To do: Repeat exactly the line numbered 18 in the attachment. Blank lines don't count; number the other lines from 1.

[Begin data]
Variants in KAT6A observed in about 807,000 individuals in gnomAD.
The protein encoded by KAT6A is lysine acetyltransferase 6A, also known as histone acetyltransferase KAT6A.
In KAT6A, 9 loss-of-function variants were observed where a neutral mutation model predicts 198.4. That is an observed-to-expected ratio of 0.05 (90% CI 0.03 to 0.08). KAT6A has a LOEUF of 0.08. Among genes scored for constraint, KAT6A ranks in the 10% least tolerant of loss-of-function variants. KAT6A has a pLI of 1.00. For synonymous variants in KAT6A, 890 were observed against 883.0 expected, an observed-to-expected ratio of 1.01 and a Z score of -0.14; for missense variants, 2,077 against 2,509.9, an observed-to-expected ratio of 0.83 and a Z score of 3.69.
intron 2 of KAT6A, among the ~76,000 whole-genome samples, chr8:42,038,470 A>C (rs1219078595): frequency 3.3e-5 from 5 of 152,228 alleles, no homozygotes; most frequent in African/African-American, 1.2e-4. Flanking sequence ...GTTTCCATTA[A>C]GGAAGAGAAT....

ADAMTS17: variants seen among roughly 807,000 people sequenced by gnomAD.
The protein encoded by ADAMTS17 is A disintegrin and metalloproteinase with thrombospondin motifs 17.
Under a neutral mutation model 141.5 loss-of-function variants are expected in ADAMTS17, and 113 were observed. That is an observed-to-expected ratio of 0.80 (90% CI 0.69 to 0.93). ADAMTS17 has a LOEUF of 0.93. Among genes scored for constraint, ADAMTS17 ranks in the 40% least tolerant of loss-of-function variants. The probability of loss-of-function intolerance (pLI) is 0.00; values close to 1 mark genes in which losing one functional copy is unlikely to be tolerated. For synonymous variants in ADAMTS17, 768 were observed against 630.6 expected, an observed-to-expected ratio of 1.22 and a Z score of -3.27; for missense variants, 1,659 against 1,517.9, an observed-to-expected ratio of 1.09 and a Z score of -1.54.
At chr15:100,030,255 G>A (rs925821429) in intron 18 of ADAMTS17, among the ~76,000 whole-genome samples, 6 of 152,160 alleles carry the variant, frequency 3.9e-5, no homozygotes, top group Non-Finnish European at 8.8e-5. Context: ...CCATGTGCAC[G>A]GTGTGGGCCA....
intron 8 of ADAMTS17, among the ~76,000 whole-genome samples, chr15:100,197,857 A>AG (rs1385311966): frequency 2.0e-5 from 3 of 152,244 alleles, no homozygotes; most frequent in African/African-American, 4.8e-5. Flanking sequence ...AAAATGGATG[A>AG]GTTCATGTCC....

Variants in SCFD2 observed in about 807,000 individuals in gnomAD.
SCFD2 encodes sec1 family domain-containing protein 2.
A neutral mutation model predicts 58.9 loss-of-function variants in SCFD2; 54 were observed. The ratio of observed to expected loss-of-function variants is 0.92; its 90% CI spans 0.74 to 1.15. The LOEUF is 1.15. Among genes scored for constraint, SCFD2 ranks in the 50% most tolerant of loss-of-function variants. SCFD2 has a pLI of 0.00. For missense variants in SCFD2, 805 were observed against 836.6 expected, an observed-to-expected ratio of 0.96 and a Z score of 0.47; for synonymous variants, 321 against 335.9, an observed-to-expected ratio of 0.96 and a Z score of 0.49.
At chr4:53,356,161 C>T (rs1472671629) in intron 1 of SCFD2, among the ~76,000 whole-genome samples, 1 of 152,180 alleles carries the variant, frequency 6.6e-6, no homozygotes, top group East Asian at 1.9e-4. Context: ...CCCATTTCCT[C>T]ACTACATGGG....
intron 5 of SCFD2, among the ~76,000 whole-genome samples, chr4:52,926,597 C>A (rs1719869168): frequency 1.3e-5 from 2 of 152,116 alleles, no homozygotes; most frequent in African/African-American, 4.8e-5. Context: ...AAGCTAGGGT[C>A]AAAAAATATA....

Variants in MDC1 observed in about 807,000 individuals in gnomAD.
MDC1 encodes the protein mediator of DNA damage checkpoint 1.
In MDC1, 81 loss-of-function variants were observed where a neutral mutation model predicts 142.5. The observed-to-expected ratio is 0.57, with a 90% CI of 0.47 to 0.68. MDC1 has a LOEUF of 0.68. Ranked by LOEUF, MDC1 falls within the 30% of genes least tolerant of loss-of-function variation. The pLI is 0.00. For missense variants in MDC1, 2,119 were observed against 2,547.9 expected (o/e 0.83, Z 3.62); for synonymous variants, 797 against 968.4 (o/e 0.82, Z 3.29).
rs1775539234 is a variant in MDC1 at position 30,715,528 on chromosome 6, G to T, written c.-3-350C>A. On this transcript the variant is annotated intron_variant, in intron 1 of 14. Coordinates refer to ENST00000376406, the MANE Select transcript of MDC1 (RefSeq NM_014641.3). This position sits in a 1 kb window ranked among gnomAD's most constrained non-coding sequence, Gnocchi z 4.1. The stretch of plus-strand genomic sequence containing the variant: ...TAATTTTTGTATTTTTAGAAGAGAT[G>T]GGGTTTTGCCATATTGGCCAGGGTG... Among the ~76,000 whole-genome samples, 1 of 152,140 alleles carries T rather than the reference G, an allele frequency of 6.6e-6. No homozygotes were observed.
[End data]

rs1775539234 is a variant in MDC1 at position 30,715,528 on chromosome 6, G to T, written c.-3-350C>A. On this transcript the variant is annotated intron_variant, in intron 1 of 14. Coordinates refer to ENST00000376406, the MANE Select transcript of MDC1 (RefSeq NM_014641.3). This position sits in a 1 kb window ranked among gnomAD's most constrained non-coding sequence, Gnocchi z 4.1. The stretch of plus-strand genomic sequence containing the variant: ...TAATTTTTGTATTTTTAGAAGAGAT[G>T]GGGTTTTGCCATATTGGCCAGGGTG... Among the ~76,000 whole-genome samples, 1 of 152,140 alleles carries T rather than the reference G, an allele frequency of 6.6e-6. No homozygotes were observed.